Here are some guidelines for tipping your own system with more grace and less effort:

  1. Define the outcome you’d like to see.
  2. Notice the system that’s at play.
  3. Look for the leverage points.
  4. Lever those points.
  5. Get out of the way.
  6. Notice what happens.
  7. Repeat steps as required.

 

It’s worth noting that the points of leverage will often be a few key influential people. In my example above, the leverage points were the couple of ‘key influential people’ that were standing at the back of the room. Not because of any authority they carried, but simply because of where they were situated in the room.

The key is to adopt an experimental mindset. Be like a scientist. Treat it lightly and don’t force it. Be curious. You can learn more about this approach in my post ‘How To See’.

So, what outcomes are you trying to achieve? What is the nature of the system that’s at play? Where are the leverage points? Get experimenting, then get out of the way and notice what happens.

 

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The Three Letter Word

But

Lurking in our language, there’s a number of naughty words that we have conveniently categorised as “Four Letter Words”. You know what I’m talking about.

Most of us typically utter these offensive tones to express our dislike of something, or someone. If you’ve ever been the unlucky “someone” on the receiving end of such an outburst, you’ll know that it tends to cause offence, and doesn’t do much for the relationship you might have with that person.

So we tend, as a rule, to avoid using Four Letter Words, at least if we’re interested in building a positive, trusting relationship with the people we deal with in day to day life.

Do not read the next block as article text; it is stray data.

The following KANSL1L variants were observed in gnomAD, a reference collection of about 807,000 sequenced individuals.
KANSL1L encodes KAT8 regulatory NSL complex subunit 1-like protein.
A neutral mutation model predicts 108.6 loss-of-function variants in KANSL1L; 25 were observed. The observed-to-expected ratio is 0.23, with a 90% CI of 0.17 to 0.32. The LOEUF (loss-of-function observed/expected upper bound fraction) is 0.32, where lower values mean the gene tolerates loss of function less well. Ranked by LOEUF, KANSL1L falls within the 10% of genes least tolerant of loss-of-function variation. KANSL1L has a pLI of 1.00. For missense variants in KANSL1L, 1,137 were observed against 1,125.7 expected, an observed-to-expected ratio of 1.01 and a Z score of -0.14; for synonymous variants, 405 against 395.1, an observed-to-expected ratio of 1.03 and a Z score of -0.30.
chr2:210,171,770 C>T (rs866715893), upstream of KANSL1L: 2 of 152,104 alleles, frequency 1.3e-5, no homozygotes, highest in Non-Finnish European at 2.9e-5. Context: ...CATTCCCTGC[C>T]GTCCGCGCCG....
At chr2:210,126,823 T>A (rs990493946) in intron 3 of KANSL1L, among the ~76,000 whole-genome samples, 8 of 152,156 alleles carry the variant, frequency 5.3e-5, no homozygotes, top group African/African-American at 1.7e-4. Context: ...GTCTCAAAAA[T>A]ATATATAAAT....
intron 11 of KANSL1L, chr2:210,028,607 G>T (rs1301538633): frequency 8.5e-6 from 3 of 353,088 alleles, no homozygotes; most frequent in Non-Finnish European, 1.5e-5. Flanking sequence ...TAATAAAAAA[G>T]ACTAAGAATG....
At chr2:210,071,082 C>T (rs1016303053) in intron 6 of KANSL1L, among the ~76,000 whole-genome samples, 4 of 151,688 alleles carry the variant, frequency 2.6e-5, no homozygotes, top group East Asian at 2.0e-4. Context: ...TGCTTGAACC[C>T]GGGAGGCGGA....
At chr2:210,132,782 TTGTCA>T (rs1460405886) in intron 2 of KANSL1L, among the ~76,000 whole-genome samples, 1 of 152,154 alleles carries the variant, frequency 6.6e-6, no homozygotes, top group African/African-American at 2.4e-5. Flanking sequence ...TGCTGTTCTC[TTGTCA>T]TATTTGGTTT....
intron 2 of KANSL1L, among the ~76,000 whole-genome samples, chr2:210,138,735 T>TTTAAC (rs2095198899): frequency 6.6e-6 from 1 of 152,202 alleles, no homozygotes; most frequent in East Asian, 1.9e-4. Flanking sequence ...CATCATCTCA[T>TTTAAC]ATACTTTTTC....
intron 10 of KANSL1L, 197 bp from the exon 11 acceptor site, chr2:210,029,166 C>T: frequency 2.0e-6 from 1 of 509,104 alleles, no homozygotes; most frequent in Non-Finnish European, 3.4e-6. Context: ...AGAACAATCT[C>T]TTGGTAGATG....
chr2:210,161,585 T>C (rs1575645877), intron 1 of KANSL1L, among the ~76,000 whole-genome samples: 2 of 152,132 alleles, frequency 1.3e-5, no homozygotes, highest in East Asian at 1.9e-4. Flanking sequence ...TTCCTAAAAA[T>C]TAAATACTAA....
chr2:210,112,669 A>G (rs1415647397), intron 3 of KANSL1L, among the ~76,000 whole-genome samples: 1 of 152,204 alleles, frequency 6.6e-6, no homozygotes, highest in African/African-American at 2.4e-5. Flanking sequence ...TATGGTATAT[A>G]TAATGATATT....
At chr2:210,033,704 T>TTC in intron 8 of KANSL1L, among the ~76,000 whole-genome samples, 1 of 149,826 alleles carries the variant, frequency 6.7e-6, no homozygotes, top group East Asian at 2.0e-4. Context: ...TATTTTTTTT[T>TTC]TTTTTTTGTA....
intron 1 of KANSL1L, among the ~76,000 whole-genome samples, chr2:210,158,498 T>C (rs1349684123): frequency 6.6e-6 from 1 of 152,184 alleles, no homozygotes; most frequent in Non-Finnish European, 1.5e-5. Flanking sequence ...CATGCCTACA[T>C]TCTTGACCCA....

Unfortunately, there’s a “Four Letter Word” that has been more cunning than most. Like a computer virus, it has disguised itself as a benign part of our language, embedded itself in our communication system, and is causing havoc without us even consciously knowing it. Whoever invented this word was sly indeed – they disguised it as a three letter word, while having the same offensive force as the common, garden, four-letter variety.

The word? “But”

It shows up everywhere. Once I began to notice the “But” phenomenon, it appeared incessantly. The first time I tuned into it was on the radio, when I heard a prominent politician saying something along the lines of “we have consulted with the local residents on this issue, and we fully understand where they are coming from. But our advice from the experts is that …blah blah blah…We will give both sides of the story full consideration blah blah blah and come to a final decision.”